An Average of 300 Hours of sun Every Month: Durban
Somebody told me once that to truly experience South Africa you have to spend at least half a year exploring a few of its provinces. Much like the United States and Australia, the area is so vast that you can expect a variety of climates, types of vegetation and cultural inclinations. I am usually conscious of the weather, and until now I hadn’t planned on visiting Africa in the heart of winter.
What changed my mind was a Facebook post saying: ‘Durban – The Warmest Place to Be’
Warm, cheap, friendly
My next step was to look into average temperatures and ask around. I soon realized that the average winter in Durban is not much different to the average summer in the UK. An added bonus was that because it was summer in Europe and winter in South Africa, flights were dirt cheap and so were accommodation, food and even souvenirs. With the South African Rand’s value so low against the English pound, this was one of the cheapest holidays I have had in a long time. It was also one of the nicest and most relaxed holidays.
Why so relaxed?
You can’t help but chill out around Durbanites. The average Durbanite wears a similar outfit every day: board shorts (called baggies), sandals (called flip-flops) and t-shirts or vests with bikini tops under for the ladies. Sure, there are offices and office workers but even their clothing is very relaxed – no stockings, suits or ties that I could see here! Not just their dress-code is relaxed; the people of Durban exude calm and friendliness. They are happy to talk to foreigners and offer all sorts of suggestions about food and entertainment options. One particular recommendation turned out really well, the bunny chow.
Lost in translation, and hungry
In Durban it is not strange for random strangers to start speaking to you, especially if you have a foreign accent. You will often hear: ‘Howzit, where you from hey?’ Howzit is South African for ‘how is it going?’ but you are not expected to answer, except maybe to say ‘Howzit’ back. Many Durbanites end sentences with ‘hey?’ and they don’t expect you to answer that either; it is just the way they speak. This particular stranger said exactly that, and when I said I’m from the UK but originally from Spain, for some reason he was convinced that I love chilli and suggested I get a ‘lekker hot bunny’. Naturally I had no idea what he meant and eventually my new friend Jaco (pronounced: ya-cooh) had me by the arm and almost dragged me to a street vendor who was selling bunny chows.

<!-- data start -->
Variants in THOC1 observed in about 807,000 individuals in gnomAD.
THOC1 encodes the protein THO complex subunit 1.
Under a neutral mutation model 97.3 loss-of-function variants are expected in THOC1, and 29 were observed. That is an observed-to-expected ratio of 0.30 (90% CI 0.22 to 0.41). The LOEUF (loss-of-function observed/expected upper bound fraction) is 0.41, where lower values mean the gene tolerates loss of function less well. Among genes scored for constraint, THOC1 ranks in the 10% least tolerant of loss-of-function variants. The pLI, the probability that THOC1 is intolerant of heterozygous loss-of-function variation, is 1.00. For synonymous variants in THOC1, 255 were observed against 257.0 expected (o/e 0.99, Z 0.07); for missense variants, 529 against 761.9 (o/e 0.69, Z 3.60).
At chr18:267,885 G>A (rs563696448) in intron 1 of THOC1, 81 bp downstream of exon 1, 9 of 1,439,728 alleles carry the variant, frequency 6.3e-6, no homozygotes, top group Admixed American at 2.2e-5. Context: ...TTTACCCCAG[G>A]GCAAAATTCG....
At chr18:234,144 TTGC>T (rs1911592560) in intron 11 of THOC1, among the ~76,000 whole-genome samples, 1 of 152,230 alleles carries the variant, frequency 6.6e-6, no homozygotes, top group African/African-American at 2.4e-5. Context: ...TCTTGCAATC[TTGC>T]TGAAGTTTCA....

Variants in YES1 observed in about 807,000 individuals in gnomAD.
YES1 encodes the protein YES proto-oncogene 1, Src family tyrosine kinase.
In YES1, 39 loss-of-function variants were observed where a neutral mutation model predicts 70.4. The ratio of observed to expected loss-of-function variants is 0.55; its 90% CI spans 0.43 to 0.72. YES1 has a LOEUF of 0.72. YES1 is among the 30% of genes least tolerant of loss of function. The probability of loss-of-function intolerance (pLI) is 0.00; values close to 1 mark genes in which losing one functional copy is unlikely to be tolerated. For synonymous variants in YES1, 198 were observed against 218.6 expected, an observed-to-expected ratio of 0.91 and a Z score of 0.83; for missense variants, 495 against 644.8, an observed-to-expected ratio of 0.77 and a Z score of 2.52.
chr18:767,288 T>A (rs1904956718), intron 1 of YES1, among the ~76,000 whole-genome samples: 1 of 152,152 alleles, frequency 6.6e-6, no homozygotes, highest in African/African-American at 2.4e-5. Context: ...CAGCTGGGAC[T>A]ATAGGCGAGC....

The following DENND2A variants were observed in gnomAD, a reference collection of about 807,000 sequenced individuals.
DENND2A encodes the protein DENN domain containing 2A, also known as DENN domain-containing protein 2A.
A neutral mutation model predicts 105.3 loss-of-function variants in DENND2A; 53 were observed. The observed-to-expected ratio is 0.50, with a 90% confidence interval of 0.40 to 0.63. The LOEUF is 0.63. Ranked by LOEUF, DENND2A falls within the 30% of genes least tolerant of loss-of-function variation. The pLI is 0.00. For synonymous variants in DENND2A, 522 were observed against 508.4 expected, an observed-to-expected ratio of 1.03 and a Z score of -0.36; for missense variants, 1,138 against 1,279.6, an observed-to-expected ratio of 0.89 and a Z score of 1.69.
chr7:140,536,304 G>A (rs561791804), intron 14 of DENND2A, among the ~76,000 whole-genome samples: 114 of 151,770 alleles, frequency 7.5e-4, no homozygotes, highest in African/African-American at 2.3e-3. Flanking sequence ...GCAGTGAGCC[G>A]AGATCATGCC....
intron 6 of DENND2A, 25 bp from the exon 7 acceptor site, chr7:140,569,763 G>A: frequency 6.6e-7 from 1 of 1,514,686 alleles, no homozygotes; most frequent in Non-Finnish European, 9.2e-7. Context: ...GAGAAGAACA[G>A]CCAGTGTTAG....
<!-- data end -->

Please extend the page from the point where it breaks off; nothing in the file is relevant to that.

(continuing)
Bunny chows are not food for rabbits
It turned out that ‘lekker hot bunny’ was a delicious, spicy local food. You have a choice between beans, vegetables, chicken and lamb and whether you want a quarter, half or full bunny. Prices start at R25 (around 88p) for a quarter bean or veg bunny and R85 (around £4.20) for a full lamb bunny. I had no idea what to go for so followed Jaco’s lead and ordered a quarter chicken bunny and a Coke which came to R45 (£2.20) each. What I got was a quarter of a loaf of really good bread hollowed out and filled with incredibly delicious and very hot chicken curry, and a side of salad in a little plastic bag. No eating utensils except for the bread that was removed from the middle of the quarter loaf, which is used to scoop the curry out.
I enjoyed these bunny chows so much I had one every day of my two week stay in Durban, I tried every variation and even tried half a bean bunny once, which was very hard to finish. I could not imagine anybody ordering a full bunny but Jaco said it’s only for ‘babelaas’, which means a hangover. Maybe I’ll try that on my next visit.
Six months will not be enough
If one day and one meal in Durban can be so awesome, the person who said you need half a year to explore South Africa was very, very wrong. I am sure I will need at least ten years to explore some of the other places in South Africa.